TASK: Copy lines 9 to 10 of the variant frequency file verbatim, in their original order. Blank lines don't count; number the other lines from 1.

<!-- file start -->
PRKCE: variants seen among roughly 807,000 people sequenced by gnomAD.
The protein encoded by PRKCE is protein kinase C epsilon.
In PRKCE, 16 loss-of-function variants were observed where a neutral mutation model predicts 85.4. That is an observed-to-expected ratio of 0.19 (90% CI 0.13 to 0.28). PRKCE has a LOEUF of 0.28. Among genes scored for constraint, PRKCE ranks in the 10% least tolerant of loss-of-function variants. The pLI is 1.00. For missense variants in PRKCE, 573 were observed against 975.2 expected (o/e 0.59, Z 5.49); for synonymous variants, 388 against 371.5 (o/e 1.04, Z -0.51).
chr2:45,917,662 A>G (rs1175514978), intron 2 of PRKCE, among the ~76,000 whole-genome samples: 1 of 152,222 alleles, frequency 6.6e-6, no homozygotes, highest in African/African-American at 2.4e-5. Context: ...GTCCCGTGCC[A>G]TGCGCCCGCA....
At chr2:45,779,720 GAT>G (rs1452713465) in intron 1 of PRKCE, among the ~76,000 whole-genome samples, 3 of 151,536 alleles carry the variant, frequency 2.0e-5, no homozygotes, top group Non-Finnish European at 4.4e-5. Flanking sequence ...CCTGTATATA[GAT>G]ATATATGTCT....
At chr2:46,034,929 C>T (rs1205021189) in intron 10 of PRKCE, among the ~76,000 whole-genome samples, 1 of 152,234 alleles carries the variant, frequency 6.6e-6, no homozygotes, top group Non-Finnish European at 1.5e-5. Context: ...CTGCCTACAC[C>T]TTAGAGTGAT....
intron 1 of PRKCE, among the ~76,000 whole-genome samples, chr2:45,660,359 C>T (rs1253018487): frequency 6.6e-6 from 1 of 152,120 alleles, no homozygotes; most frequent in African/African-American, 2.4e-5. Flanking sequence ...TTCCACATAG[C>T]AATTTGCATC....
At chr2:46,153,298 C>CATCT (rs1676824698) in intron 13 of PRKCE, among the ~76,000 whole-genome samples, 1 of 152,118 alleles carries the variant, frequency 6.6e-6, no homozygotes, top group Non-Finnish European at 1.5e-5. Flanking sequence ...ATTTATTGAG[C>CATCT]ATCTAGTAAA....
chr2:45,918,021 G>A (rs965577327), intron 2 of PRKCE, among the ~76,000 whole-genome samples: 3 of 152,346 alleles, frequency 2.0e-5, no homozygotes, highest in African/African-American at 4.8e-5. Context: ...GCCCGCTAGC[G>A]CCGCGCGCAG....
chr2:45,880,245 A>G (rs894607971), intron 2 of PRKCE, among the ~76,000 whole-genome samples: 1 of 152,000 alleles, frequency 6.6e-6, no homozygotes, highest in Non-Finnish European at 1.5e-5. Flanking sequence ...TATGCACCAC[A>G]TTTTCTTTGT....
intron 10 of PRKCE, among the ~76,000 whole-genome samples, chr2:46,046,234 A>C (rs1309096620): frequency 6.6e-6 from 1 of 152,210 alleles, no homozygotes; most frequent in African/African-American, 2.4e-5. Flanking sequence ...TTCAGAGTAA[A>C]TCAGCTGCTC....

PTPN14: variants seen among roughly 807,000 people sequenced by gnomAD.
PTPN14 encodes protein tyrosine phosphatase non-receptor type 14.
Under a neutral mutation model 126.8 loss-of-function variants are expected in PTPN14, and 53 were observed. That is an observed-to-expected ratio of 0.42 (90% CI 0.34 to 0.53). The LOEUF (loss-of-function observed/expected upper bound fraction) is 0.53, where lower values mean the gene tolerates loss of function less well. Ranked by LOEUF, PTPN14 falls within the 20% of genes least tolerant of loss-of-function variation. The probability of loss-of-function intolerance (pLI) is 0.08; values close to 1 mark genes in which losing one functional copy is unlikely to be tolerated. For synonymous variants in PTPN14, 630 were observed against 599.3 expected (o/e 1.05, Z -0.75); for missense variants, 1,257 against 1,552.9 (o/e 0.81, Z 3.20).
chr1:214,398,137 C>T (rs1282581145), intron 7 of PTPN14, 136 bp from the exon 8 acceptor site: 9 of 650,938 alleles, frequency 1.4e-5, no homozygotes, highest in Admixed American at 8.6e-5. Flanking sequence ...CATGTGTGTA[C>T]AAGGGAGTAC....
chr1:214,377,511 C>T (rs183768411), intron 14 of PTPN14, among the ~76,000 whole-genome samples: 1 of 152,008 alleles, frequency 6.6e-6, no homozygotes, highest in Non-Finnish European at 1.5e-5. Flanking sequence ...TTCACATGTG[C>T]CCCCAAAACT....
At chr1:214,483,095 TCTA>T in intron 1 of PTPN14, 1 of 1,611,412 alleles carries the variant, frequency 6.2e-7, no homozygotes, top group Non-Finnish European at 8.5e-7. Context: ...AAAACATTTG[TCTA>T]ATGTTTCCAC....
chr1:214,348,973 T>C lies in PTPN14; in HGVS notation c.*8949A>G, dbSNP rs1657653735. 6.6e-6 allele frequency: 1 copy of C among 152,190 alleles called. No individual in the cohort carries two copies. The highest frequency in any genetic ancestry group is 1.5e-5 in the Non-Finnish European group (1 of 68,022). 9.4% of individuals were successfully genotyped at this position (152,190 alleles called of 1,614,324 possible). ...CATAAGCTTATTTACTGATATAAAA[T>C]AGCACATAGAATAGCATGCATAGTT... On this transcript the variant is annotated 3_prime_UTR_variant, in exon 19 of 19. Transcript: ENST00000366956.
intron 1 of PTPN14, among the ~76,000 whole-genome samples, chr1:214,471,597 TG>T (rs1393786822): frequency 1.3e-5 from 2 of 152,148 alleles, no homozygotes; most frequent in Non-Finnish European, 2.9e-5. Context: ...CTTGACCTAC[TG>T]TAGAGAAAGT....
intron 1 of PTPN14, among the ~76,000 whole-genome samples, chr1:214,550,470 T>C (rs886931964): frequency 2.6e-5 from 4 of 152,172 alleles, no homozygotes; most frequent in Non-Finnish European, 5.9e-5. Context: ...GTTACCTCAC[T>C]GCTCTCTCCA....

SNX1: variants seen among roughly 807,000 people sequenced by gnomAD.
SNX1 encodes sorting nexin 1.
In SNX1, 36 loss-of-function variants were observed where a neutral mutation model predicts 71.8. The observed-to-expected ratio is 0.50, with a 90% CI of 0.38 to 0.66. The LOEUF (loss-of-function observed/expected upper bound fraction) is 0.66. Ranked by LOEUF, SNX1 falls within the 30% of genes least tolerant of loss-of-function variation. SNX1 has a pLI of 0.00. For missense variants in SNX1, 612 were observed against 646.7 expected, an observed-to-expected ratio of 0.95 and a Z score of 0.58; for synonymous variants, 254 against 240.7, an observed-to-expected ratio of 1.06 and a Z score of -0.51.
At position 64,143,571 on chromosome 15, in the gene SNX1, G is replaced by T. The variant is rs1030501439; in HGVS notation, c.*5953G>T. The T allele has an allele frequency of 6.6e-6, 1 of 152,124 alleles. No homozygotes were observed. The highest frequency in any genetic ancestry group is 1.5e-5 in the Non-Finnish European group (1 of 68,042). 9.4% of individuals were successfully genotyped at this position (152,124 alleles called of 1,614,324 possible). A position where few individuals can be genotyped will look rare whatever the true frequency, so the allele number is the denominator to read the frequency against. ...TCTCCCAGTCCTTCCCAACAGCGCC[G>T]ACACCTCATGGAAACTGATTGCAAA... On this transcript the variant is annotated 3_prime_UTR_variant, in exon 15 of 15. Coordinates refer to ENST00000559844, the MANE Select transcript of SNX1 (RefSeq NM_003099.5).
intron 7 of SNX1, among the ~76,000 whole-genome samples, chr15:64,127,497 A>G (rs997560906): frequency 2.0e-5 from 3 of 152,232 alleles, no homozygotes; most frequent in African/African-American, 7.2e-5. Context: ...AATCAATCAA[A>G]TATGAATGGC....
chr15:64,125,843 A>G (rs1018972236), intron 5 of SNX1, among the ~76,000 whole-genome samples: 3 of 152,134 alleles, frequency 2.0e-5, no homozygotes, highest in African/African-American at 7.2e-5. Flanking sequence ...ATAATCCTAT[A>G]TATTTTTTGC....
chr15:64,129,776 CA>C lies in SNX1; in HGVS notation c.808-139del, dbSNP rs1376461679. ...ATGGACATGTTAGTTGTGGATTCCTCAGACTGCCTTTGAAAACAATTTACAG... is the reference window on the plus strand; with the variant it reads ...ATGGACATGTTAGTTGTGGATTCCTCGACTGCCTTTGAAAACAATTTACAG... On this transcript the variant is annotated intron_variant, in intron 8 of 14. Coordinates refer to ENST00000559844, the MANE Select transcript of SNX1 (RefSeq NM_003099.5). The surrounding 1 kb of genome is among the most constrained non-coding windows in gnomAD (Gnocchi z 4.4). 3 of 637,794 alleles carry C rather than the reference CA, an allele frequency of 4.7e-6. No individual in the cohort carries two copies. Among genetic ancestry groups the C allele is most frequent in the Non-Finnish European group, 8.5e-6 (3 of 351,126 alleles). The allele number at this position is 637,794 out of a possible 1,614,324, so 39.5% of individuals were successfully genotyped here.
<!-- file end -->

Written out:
chr2:45,918,021 G>A (rs965577327), intron 2 of PRKCE, among the ~76,000 whole-genome samples: 3 of 152,346 alleles, frequency 2.0e-5, no homozygotes, highest in African/African-American at 4.8e-5. Context: ...GCCCGCTAGC[G>A]CCGCGCGCAG....
chr2:45,880,245 A>G (rs894607971), intron 2 of PRKCE, among the ~76,000 whole-genome samples: 1 of 152,000 alleles, frequency 6.6e-6, no homozygotes, highest in Non-Finnish European at 1.5e-5. Flanking sequence ...TATGCACCAC[A>G]TTTTCTTTGT....